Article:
Polyethylene: new catalyst breaks it down to boost value


Tuesday, 20 October, 2020


Polyethylene: new catalyst breaks it down to boost value

A new method to molecularly deconstruct polyethylene could see the most commonly used form of plastic transformed it into higher-value, widely used chemical compounds.

Many plastic products are intended for single or short-term use — most are not recycled. Efforts to improve the management and reuse of plastic waste have had limited success. Due to significant technical and economic challenges, products created from recycled materials are often inferior in quality to those that are newly made.

De-polymerisation — also known as chemical or feedstock recycling — is capable of recovering the original chemical building blocks of plastic for use in other high-value chemicals, but current strategies are complex and energy-intensive or require large amounts of co-reactants. For this reason, reclaimed products are unlikely to recoup the costs of processing.

Publishing results in Science, lead author and University of California Santa Barbara postdoctoral scholar Fan Zhang and his team have developed a ‘one-pot’, low-temperature method for transforming waste polyethylene into long-chain alkylaromatic compounds, which are an important ingredient in the production of detergents, lubricants and refrigeration fluids.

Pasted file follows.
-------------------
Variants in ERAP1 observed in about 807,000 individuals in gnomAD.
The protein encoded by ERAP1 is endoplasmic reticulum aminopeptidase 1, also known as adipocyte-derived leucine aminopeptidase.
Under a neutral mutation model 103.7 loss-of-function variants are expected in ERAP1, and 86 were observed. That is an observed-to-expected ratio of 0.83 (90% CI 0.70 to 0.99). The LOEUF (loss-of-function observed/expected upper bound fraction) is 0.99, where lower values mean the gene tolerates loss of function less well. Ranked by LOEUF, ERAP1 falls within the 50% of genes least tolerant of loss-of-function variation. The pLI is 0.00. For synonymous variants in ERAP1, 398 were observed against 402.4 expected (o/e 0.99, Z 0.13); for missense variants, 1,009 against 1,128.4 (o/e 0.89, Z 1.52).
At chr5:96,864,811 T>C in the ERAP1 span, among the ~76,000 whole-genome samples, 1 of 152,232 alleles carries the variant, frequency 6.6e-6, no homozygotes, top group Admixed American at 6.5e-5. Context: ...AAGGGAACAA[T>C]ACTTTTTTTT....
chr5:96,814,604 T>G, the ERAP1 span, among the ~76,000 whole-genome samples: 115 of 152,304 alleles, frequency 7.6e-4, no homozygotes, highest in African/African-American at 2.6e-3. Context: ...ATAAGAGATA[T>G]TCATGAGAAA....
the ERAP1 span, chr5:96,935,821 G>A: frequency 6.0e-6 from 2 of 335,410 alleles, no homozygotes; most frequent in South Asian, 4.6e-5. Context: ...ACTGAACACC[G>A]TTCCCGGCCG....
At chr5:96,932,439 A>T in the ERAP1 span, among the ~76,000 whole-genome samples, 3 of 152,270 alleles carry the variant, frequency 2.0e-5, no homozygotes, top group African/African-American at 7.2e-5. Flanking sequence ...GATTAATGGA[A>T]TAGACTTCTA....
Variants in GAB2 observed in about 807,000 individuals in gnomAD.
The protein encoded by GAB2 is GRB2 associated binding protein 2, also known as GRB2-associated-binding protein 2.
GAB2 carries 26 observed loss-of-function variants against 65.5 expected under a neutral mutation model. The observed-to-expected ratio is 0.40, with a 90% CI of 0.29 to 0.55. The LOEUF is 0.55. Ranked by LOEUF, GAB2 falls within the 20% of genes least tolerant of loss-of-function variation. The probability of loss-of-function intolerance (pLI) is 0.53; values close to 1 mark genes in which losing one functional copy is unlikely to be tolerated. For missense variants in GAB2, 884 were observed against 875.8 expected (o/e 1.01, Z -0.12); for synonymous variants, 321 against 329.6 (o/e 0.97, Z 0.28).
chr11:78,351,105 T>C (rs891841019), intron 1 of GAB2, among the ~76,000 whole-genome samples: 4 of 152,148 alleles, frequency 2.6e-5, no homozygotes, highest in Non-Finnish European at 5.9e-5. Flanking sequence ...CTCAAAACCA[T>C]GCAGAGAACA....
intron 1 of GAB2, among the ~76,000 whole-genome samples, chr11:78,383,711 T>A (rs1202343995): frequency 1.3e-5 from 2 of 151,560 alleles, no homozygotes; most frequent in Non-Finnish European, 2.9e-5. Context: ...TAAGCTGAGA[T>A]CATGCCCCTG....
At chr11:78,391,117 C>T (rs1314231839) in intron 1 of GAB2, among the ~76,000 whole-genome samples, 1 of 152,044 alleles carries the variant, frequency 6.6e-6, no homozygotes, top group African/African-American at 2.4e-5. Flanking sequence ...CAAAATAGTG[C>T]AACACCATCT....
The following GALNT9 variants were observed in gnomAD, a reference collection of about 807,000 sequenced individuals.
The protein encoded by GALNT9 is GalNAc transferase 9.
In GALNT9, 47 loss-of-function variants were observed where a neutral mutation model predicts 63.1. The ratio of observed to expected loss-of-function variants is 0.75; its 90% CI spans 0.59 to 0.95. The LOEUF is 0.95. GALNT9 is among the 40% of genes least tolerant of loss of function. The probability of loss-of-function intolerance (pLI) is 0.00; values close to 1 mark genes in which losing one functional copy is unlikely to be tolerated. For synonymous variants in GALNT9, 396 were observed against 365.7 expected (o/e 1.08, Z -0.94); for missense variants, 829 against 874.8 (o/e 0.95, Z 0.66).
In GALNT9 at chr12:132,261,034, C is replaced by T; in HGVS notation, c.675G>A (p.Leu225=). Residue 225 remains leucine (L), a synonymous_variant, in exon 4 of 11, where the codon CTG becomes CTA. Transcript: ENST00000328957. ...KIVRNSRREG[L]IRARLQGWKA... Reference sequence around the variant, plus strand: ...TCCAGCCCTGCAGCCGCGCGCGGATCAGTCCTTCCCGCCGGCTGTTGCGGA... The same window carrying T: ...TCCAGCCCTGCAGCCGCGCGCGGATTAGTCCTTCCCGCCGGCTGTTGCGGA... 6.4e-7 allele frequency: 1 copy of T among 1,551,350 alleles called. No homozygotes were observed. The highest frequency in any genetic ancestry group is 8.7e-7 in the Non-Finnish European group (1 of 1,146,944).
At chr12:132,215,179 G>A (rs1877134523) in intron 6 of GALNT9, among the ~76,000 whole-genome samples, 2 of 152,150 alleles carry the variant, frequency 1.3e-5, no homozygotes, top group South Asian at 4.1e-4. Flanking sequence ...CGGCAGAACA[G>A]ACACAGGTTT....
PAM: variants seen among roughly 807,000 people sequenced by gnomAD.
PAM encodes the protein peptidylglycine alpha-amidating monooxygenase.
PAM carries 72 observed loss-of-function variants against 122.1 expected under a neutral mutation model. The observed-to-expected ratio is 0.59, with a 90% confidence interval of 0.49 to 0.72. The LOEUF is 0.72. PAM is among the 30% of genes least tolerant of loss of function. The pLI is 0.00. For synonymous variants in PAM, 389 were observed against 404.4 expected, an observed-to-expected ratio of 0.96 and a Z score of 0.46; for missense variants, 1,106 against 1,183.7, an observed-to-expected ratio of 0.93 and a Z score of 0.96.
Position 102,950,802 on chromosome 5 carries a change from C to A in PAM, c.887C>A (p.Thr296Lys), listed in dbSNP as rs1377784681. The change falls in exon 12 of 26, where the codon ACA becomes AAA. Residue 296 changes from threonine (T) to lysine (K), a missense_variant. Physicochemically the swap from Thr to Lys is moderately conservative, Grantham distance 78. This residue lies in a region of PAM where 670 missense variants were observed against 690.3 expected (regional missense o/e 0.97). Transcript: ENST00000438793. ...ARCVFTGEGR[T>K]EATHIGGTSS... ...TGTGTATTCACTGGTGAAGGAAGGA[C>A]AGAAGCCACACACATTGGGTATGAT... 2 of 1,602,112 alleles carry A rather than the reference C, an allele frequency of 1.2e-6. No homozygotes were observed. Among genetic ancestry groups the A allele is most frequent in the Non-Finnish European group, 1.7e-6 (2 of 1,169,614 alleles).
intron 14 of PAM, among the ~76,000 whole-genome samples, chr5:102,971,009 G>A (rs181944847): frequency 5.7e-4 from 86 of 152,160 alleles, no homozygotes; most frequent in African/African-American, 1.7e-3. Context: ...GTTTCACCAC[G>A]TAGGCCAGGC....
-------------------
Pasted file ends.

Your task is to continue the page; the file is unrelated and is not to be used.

Using a platinum–aluminium catalyst, the research team found that various grades of polyethylene — including those used to make plastic bags and water-bottle caps — can be efficiently molecularly deconstructed into higher-value materials without the need for high temperatures or high-pressure hydrogen.

In a related perspective piece, also published in Science, Professor Bert Weckhuysen from Utrecht University in the Netherlands said, “These developments will pave the way toward a circular plastics economy, in which plastic is not considered waste but rather a valuable raw material.”

He commented that, when catalyst improvements are realised to make the process economically viable, “non-fossil-based plastics may become more economically attractive as carbon atoms can be recycled and chemical functionality can be reintroduced in a high-value product”.

Image credit: ©stock.adobe.com/au/tezzstock

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